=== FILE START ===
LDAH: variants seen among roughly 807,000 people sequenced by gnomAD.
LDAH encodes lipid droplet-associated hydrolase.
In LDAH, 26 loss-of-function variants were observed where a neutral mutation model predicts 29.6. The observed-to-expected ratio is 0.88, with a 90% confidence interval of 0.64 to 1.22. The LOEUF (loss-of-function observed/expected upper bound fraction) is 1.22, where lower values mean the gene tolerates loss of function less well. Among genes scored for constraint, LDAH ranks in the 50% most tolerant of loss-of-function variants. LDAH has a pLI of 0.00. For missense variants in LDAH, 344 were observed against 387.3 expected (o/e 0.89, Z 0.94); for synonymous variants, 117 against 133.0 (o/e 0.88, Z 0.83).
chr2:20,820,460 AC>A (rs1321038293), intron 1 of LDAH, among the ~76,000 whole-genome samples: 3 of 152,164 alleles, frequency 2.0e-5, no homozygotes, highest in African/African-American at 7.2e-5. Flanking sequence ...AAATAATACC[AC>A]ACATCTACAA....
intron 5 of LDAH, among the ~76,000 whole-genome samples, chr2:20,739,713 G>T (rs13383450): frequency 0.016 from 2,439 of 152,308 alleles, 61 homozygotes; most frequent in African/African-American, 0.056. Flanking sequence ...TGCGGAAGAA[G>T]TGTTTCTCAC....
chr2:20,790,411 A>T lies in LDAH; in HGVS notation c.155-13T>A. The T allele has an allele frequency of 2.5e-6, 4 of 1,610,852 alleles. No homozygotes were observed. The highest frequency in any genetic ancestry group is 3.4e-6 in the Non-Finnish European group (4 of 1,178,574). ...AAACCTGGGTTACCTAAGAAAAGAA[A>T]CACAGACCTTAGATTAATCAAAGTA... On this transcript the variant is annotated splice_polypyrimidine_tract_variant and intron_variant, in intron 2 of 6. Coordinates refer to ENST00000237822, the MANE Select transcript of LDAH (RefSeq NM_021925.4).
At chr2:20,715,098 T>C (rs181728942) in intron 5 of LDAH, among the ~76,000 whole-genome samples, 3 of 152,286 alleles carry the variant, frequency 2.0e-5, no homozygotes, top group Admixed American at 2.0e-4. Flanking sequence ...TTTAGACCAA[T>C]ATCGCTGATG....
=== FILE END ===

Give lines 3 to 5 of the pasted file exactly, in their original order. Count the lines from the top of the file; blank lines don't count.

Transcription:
In LDAH, 26 loss-of-function variants were observed where a neutral mutation model predicts 29.6. The observed-to-expected ratio is 0.88, with a 90% confidence interval of 0.64 to 1.22. The LOEUF (loss-of-function observed/expected upper bound fraction) is 1.22, where lower values mean the gene tolerates loss of function less well. Among genes scored for constraint, LDAH ranks in the 50% most tolerant of loss-of-function variants. LDAH has a pLI of 0.00. For missense variants in LDAH, 344 were observed against 387.3 expected (o/e 0.89, Z 0.94); for synonymous variants, 117 against 133.0 (o/e 0.88, Z 0.83).
chr2:20,820,460 AC>A (rs1321038293), intron 1 of LDAH, among the ~76,000 whole-genome samples: 3 of 152,164 alleles, frequency 2.0e-5, no homozygotes, highest in African/African-American at 7.2e-5. Flanking sequence ...AAATAATACC[AC>A]ACATCTACAA....
intron 5 of LDAH, among the ~76,000 whole-genome samples, chr2:20,739,713 G>T (rs13383450): frequency 0.016 from 2,439 of 152,308 alleles, 61 homozygotes; most frequent in African/African-American, 0.056. Flanking sequence ...TGCGGAAGAA[G>T]TGTTTCTCAC....